A World of Flying Disks and Friendships

Emily Khym '23, Features Editor

At exactly a quarter until four on a school day, you can see students running past the Farmington river to the open greenery by the bridge. Here, students part of the Loomis Chaffee’s Ultimate Frisbee Program gather to learn how to play frisbee.
Arriving at the frisbee field, students pair up and practice throws for a few minutes. Mr. Ned Heckman and Ms. Caitlyn Cotton work together to coach the students.
“You need arm mobility, core strength, and agility—basically, you need to be strong in every way,” Mr. Heckman said. “Students also should be getting around 100 throws a day to improve, meaning that stretching is very important.”
Coach Cotton then calls everyone in to lead the athletes in stretching exercises. After stretching, the athletes go through a drill based on foundational skills of Ultimate Frisbee. As there is a skill level difference, the two coaches use the method of differentiation where they split athletes based on their skill level. One coach helps the beginners learn the basic skills of the game, while the other coach works with more experienced players in playing a frisbee game.
An Ultimate Frisbee game involves two teams of seven. On each side, there are three handlers who throw the disks and four cutters who move around to get into an open area to receive the frisbee.
When asked about his inspiration for bringing Ultimate Frisbee to LC, Mr. Heckman attributed his growing passion for frisbee to his high school Ultimate Frisbee club.
“The club met at the park that was on my way home from my public school,” said Mr. Heckman. “I was like it’s once a week. It seemed like a pretty good group of guys who did it. Sure, I’ll learn how to play frisbee.”
Mr. Heckman attended Carleton College in Northfield, Minnesota, which only fueled his passion for frisbee more. Carleton College is known as the Ultimate Frisbee school and plays Division One for Ultimate Frisbee. On his first day as a college freshman, Mr. Heckman received a Carleton College frisbee and later joined his college’s Ultimate Frisbee team.
“It’s harder to not play frisbee than to play frisbee there,” Mr. Heckman said.
From then on, Mr. Heckman has created many friendships and memories from playing Ultimate Frisbee.
“I got one of my first of many scars playing frisbee,” continued Mr. Heckman. “I ran into a fence while playing frisbee. They called me “fence face,” which was an accurate representation of my face that day.”
Similarly, frisbee athletes have formed many new bonds through this afterschool program.
“This intramural team really focuses on building a strong community,” said a frisbee athlete Christine Wu ’25. “In the first two sessions I had already met many new people and was able to make good friends.”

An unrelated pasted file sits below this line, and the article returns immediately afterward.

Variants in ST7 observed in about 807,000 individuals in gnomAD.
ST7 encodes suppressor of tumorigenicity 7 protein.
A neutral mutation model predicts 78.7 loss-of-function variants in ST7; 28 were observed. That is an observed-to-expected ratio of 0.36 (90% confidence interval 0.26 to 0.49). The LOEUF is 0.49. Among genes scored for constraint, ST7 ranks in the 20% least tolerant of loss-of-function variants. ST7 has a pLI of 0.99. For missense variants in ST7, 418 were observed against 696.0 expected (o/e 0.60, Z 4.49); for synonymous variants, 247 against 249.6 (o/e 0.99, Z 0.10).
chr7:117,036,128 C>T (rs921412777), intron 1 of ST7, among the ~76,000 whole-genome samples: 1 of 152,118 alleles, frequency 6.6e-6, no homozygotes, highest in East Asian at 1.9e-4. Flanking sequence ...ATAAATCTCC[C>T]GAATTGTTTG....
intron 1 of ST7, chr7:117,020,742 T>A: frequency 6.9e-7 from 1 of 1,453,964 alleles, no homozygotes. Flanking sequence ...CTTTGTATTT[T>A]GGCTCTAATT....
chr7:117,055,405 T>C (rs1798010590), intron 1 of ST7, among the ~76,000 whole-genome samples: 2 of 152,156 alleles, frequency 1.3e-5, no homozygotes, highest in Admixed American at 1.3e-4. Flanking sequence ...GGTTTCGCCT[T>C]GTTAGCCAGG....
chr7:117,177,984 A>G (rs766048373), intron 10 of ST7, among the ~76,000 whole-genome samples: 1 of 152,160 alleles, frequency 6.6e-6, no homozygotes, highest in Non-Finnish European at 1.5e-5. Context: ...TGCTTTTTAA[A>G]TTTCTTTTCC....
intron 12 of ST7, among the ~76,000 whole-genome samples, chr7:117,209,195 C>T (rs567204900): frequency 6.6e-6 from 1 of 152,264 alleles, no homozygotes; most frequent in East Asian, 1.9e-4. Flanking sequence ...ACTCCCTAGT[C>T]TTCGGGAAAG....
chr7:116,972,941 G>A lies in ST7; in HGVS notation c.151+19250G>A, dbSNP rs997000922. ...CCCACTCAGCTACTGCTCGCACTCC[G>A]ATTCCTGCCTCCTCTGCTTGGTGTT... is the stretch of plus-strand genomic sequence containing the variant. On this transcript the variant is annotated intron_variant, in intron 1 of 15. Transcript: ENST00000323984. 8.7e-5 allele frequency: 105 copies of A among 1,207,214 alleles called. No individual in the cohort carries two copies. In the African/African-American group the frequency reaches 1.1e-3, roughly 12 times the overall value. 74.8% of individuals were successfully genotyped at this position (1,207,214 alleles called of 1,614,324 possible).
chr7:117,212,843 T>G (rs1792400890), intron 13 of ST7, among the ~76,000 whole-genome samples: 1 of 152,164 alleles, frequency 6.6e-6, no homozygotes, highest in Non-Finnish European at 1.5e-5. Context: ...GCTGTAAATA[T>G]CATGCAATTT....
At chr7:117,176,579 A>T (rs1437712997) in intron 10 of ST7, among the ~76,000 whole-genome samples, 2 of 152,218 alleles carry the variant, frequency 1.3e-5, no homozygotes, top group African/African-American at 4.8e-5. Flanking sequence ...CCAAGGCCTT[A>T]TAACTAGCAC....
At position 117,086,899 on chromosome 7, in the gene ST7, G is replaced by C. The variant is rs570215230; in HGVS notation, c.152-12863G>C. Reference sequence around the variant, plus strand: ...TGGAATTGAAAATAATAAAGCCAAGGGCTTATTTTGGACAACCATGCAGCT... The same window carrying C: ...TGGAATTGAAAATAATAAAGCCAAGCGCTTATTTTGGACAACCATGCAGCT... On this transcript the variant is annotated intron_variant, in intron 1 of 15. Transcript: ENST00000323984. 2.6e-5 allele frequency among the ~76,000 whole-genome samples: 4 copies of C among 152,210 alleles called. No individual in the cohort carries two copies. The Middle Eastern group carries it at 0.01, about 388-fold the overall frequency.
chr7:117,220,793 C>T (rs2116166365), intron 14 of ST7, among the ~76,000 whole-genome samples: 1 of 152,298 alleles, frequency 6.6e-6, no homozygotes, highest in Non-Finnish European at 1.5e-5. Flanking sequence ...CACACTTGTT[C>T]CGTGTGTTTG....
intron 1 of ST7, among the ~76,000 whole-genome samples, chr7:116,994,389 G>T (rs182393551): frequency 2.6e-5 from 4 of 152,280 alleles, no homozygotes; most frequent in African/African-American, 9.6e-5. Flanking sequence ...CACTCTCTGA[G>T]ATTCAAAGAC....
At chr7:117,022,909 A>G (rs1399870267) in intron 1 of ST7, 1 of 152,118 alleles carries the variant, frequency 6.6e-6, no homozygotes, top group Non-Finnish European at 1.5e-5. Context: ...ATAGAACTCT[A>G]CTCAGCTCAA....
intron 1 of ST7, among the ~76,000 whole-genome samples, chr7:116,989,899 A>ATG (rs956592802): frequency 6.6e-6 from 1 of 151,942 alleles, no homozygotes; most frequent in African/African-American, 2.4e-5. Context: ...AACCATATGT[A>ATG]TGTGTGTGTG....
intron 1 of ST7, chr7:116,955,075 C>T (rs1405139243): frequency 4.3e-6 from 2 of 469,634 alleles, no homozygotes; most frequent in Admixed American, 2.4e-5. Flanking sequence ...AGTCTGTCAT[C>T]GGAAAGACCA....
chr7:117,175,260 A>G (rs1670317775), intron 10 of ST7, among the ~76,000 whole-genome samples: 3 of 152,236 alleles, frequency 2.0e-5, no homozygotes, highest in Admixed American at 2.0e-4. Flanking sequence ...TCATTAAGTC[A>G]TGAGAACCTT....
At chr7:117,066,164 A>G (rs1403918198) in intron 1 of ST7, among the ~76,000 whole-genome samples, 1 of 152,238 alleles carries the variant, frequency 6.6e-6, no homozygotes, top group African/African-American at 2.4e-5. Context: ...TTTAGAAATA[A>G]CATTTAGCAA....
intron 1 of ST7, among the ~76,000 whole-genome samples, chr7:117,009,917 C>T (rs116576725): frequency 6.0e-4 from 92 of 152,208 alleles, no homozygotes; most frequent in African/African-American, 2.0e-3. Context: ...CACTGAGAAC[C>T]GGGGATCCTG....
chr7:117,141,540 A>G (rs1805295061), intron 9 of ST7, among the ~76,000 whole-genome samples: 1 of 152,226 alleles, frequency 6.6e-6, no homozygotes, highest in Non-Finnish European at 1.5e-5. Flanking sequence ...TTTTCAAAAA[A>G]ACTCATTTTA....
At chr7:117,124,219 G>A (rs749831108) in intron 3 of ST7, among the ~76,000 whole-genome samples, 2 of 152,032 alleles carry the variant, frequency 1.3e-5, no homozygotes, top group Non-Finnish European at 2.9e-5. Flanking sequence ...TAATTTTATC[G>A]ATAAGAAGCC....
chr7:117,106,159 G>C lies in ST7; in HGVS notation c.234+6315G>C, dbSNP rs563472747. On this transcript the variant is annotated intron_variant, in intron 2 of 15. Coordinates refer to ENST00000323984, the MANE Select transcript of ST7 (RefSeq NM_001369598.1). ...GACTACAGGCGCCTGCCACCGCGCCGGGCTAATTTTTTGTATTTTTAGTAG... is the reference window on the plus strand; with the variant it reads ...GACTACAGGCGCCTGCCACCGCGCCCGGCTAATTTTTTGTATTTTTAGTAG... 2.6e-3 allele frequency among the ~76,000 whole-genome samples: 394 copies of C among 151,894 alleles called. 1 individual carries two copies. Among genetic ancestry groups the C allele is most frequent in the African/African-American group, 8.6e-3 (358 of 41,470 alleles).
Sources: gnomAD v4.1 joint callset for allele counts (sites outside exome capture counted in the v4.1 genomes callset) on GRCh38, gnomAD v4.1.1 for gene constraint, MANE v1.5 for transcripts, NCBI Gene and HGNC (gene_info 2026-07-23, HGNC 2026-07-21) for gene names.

Not only does Ultimate Frisbee allow you to form friendships, it also teaches you about integrity. Ultimate Frisbee is a game based heavily on honesty. There are no referees in the game; thus, it is up to the athletes to own up to their mistakes.
“For someone who is competitive but not at all costs, it is the perfect activity in a lot of ways,” Mr. Heckman said. “Frisbee also relies on a strong sense of community not just for your team but for the other team as well.”
Here at LC, frisbee fits perfectly. Ultimate Frisbee is a team sport and also requires physical exertion and community bonding.
Frisbee is like any other sport—athletes have similar mindsets in approaching a game.
“On a personal level, I learned how to keep pushing myself even when I felt tired,” said another frisbee athlete Gabriel Jiang ’24. “Life can be like a frisbee game. The field is constantly moving and changing, so if you don’t move around to be open for the frisbee, you will never get the opportunity to receive it.”
There are many skills from other sports that frisbee athletes learn. For instance, when athletes learn how to ‘mark’ or defend in a game of Ultimate Frisbee, the skill sets learned are similar to how athletes would learn to defend in basketball. The frisbee field is also similar to a football field, and the pace is a lot like soccer.
“It requires some fitness,” said Mr. Heckman. “It’s not like a joke. It’s chill, fun and friendly.”
Students have enjoyed and learnt a lot from training sessions.
“I only knew how to throw a frisbee when I would play it with my family,” said Wu. “After a few sessions, I learnt how to properly do a backhand throw and catch a disk.”
“I found frisbee really fun,” added Jiang. “10 out of 10 would recommend it!”
LC’s Ultimate Frisbee Program continues to run every spring term. With the growing number of students participating in this program, there are hopes for interscholastic Ultimate Frisbee competitions for the Loomis frisbee team.